Make your own free website on

Grotto of the Redemption Facts

The Grotto of the Redemption at West Bend, Iowa  is the largest Grotto in the world. It is frequently considered "the Eighth Wonder of the World."  It represents the largest collection of minerals and petrification concentrated in any one spot - in the world. The Grotto has an estimated geological value over $4,308,000.00.

Father Paul Dobberstein spent his life working for the Kingdom of God through heart and hand. He was ordained on June 21, 1898 and began constructing the Grotto in 1912. He passed away July 24, 1954.

Father Louis Greving, Honorary Chairman of The Grotto: Gathering for the Millennium, was ordained to the priesthood on June 15, 1946.  He came to West Bend and worked with Father Dobberstein for eight years. Father Greving continued the work and care of the Grotto after Father Dobberstein's death.  He is now retired and resides in West Bend.  Father's spirituality is known by many.  He continues his travels to inspire and preach the ways of Christ.

The Grotto of the Redemption is visited annually by an estimated 100,000 people.  This includes 100 bus tours, 50 school tours, and several handicapped groups. Since 1912, 6,000,000 people have visited the Grotto of the Redemption.  Visitors come from all over the world.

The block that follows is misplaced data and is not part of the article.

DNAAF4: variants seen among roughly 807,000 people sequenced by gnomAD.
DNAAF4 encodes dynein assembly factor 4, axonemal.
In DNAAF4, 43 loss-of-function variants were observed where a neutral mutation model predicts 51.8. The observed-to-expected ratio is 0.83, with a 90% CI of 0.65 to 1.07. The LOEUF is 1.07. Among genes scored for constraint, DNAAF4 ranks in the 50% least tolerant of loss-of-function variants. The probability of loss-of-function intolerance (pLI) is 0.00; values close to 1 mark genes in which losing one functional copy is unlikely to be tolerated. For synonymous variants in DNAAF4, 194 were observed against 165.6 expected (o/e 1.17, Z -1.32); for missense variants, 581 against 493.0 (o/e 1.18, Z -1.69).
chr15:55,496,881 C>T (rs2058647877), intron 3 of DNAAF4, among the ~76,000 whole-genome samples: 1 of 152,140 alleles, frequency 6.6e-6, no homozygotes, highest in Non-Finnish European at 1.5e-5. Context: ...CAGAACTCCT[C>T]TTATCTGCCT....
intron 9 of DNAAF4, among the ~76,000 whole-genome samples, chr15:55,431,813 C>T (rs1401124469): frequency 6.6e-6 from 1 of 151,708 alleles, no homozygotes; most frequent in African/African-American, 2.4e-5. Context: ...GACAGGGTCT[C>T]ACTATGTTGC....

Origin and Inspiration for the Great Work

    The story of how the Grotto came into being is as moving as are the scenes it portrays. It is generally told as a fact that as a young seminarian, Father Paul Dobberstein became critically ill with pneumonia.  As he fought for his life he prayed to the Blessed Virgin to intercede for him.  He promised to build a shrine in her honor if he lived.  The illness passed, the student completed his studies and after his ordination he came to West Bend in 1889.  For over a decade he stockpiled rocks and precious stones. The actual work of giving permanence to his promise began to take shape in 1912 and continued until his death in 1954.
    Father Louis Greving, successor to Father Dobberstein wrote in the early '80s, "By the providence of God I spent my priesthood of some 45 years (since 1946) in the shadow of the Grotto of the Redemption. The Grotto is a monument of faith, hope and love that once lived in the mind and heart of Father Paul Dobberstein. I consider it a privilege to carry out his plan as best I can."  Father Greving completed a number of the grottos left unfinished by Father Dobberstein and added a public address system to further enhance the telling of the Good News.
    The builder of the Grotto hopes, by visualizing in stone the fundamentals of a Christian religion, to induce the visitors here to be not only idle hearers, but also contemplative thinkers and courageous doers of the Word of Christ.  The heart of man is usually more quickly reached through the eye than through the ear. The builder was confident that the finished product would speak for itself. Thus he was animated by the spirit of the psalm, "I shall be satisfied when Thy Glory cometh."